Which leads to the question: What will happen if conservatives succeed, as part of their push for an Ownership Society, in redirecting much of the payroll tax from federal coffers into the personal accounts of workers? Most Americans would then be directly supporting the federal government only through the income tax and the few federal sales and excise taxes (e.g., on gasoline). The result: Most Americans would no longer be making any significant contribution whatever toward the maintenance of the federal government.
Any new programs that Congress might adopt would cost the average American little or nothing. He already pays scant income tax, and he would be getting much of his Social Security and Medicare taxes back in the expected personal accounts. So at that point the relatively small number of citizens who make significant income tax payments would be carrying our whole federal edifice.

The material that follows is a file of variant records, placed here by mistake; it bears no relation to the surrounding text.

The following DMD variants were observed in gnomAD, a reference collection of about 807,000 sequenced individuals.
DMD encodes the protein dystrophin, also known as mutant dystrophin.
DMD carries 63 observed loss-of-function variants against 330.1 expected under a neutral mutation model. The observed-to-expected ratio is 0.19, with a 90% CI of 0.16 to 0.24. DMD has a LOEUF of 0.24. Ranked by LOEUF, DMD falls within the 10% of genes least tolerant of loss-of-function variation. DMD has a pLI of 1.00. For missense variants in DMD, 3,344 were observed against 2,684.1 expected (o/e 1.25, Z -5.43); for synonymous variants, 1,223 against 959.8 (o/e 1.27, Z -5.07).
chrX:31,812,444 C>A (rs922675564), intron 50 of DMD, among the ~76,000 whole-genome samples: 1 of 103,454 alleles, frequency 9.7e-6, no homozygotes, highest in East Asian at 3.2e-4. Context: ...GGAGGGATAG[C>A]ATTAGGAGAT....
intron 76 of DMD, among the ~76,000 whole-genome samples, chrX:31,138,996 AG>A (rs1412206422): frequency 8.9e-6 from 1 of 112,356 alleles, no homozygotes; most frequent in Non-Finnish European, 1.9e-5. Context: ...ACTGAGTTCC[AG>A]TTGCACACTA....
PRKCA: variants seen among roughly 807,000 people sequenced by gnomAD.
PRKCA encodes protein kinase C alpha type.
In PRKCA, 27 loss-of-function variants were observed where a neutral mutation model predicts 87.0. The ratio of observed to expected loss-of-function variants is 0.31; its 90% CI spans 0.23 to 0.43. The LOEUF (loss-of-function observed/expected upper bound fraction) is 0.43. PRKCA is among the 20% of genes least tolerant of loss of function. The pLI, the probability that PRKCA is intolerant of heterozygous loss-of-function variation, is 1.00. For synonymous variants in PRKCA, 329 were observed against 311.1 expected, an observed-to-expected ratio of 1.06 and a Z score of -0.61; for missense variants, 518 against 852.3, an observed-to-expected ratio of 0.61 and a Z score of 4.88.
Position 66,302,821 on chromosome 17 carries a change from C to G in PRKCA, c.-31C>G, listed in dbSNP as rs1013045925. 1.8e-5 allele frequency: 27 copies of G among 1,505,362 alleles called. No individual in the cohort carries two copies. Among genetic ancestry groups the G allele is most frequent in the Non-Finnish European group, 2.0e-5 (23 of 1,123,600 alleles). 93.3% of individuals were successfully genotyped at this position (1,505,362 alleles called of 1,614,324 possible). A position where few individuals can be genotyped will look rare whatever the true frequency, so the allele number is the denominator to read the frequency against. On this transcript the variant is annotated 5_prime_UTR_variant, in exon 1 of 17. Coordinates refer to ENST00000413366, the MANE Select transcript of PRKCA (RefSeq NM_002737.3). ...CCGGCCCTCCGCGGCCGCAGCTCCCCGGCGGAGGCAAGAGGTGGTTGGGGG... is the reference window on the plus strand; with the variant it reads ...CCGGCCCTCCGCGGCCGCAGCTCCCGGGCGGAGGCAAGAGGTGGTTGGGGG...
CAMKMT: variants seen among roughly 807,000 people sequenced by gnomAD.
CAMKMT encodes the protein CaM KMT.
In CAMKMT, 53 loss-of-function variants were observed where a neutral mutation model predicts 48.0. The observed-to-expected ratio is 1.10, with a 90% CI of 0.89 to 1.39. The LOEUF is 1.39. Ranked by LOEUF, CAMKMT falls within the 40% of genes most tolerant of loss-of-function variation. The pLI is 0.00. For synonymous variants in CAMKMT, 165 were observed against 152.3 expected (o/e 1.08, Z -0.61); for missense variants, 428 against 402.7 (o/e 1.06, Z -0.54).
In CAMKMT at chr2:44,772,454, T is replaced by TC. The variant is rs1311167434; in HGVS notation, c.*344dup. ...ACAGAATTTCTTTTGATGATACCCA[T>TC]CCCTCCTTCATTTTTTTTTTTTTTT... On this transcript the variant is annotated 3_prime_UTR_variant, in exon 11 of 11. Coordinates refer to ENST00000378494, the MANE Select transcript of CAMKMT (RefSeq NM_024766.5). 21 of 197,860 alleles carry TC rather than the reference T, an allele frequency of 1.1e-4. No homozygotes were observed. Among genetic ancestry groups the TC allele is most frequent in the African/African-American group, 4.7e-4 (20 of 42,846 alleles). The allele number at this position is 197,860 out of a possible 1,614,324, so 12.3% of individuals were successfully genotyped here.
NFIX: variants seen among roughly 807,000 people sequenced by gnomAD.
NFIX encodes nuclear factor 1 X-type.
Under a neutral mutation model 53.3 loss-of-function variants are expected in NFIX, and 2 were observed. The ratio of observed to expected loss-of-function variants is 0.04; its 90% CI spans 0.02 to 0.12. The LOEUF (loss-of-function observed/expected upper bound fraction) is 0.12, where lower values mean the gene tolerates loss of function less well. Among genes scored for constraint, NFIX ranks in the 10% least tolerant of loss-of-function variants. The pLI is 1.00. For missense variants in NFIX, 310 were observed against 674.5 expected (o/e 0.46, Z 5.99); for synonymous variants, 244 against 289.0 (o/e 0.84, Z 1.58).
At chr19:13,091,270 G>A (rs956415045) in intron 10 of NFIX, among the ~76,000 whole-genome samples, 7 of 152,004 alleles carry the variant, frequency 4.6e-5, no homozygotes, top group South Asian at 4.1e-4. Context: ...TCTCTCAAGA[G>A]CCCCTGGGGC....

And there’s the rub. “Rebating” a big chunk of payroll taxes back to workers in the form of personal accounts is devoutly to be wished for in most ways. But one troubling side effect of such a transformation would be to nakedly expose the tax burden that our personal income tax disproportionately lays on the top 5 percent of Americans.
Our Founders had no confidence that voters, unmoored from financial responsibility, would refrain from pillaging the wealth of their neighbors. If most of Washington’s costs end up piled on just a few backs, the only thing preventing a sharp ratcheting up of the income tax will be the decency and political principle of ordinary Americans.
This pessimism is unwarranted. The untaxes would refrain from raising taxes because they know that they benefit from revenue collection. A rational population that was untaxed would stil choose taxes that maximize revenue rather than taxes that maximize “justice”. Obviously if taxes are 100% no one would would bother to earn money. If taxes are 0% no revenue would be collected. The truth is somewhere in between and rational revenue beneficiaries would choose it. Actually they might choose something slightly lower corresponding to their hope that they themselves will eventually earn enough money to pay taxes.